Named "King of Viral Media" by Forbes, Emerson Spartz is one of the world's leading experts on internet virality and has been featured in major media including CBS, CNBC, CNN, and hundreds more. Spartz was named to both Forbes' and Inc Magazine's "30 Under 30" lists. Spartz is the founder of Dose, a top digital media company with $35 million in funding. Dose's videos generate billions of video views, and the company's broadcast TV show, Morning Dose, airs on CW stations nationwide. Previously, Spartz created 20+ of the world's largest viral content sites, including OMG Facts, attracting 50 million visitors monthly. At age 12, Spartz founded Mugglenet, the #1 Harry Potter site and one of the internet's largest communities. By the age of 19, Spartz became a New York Times bestselling author after publishing his first book. Find out more about Emerson at his website: emersonspartz.com
Liberalism and Conservatism with Cassandra Xia and Hank Racette
Why do liberals and conservatives disagree so vehemently? Why are things so polarized in the US right now? What are the core values held by liberals and conservatives? How much value does tradition have? Where and why do liberals and conservatives disagree about climate change? Where and why do liberals and conservatives disagree about free speech and political correctness?
Cassandra Xia's bio: "Cassandra Xia (@CassandraXia) is the daughter of Chinese scientists who emigrated to the United States. Her parents raised her on a blend of logic, reason, and immigrant can-do attitude. She emerged as a strategic liberal that strongly believes in free speech and compassionate dialogue. She recently left her job as a Google software engineer to work on climate change. Cassandra's work can be found at cassandraxia.com and workonclimate.org."
Hank Racette's bio: "I'm an uneducated fifty-something father of six who divides his time between writing industrial automation software and opining about the precariousness of western civilization and the enemies, mostly unwitting, arrayed against it. I'm fascinated by words, mathematics, evolution, human nature, emergent behavior, and saving the most successful nation and culture in history from the innocent mistakes of smart people with good intentions. I'm a free-speech extremist and, in general, what used to be called a classical liberal. I can be found on Ricochet, where I write as Henry Racette, on Facebook, and reached via email at email@example.com."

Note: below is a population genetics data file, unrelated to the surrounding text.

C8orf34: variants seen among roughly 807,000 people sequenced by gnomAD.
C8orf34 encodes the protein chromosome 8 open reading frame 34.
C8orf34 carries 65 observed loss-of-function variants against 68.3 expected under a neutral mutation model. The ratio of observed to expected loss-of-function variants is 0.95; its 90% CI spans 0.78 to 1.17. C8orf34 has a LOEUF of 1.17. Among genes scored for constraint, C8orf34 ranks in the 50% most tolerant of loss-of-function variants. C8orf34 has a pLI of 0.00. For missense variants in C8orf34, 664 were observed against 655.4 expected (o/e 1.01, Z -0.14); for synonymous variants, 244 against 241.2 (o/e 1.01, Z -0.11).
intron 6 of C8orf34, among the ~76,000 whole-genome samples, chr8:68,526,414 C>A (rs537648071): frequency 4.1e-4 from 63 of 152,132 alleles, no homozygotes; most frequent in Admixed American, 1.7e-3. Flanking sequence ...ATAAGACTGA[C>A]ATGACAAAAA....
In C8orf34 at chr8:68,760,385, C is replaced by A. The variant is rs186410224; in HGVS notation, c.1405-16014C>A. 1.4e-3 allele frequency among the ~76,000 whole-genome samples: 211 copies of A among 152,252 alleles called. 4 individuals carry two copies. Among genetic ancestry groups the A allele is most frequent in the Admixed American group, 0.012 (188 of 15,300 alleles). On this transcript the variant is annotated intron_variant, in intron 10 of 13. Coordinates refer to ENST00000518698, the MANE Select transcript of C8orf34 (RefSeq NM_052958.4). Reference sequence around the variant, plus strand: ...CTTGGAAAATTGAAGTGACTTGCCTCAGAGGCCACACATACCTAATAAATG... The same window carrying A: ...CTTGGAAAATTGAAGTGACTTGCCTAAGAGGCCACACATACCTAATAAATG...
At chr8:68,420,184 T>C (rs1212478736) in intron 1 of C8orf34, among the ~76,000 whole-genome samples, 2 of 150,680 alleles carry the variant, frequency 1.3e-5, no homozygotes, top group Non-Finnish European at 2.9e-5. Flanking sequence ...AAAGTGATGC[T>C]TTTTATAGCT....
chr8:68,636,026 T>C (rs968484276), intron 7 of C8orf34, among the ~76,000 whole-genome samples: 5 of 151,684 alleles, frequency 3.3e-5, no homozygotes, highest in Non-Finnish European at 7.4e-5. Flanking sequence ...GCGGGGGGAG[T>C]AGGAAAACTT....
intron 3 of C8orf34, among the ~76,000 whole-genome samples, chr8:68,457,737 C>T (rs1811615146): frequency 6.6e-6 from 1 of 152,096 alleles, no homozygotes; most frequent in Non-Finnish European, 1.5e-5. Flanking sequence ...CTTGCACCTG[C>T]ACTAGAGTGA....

Psychedelics and Comedy with Sarah Rose Siskind
What are the pros and cons of taking psychedelics? What goes into creating a good setting for psychedelic use? How can experiencing depression change someone's political views? What is comedy? What is the relationship between comedy and social status? Why is it that comedians can get away with saying things that other people can't say?
Sarah Rose Siskind is a science comedy writer based in New York City. She's the cofounder of HelloSci.Com, a consulting group that makes smart people funny, and the producer of Drug Test, a show about Psychedelics. Previously, she wrote comedy for Hanson Robotics, StarTalk with Neil deGrasse Tyson on Fox, and several shows on Facebook Watch. She's written jokes for the White House Press Correspondents dinner and spoken at Comic Con! In the words of Marie Curie, "follow me on Twitter."
Comfort Languages and Nuanced Thinking with Kat Woods
What's the best way to help someone who's going through a difficult situation? What are the four states of distress? What are "comfort languages"? How can we introduce more nuance into our everyday thinking habits? When gathering information and forming opinions, how do you know who to trust? What's the difference between intelligence and wisdom?
Kat Woods is the co-founder of Charity Entrepreneurship, a startup incubator for effective altruist charities. It provides training, seed funding, and the other things necessary to kickstart an effective nonprofit. Previously, Kat co-founded Charity Science Outreach, a meta-organization that raised nine counterfactual dollars for high impact charities for every dollar spent. Subsequently she co-founded Charity Science Health, a direct poverty charity that received multiple grants from GiveWell and has served hundreds of thousands of families in India. You can find more about Kat at her website or on Twitter at @kat__woods.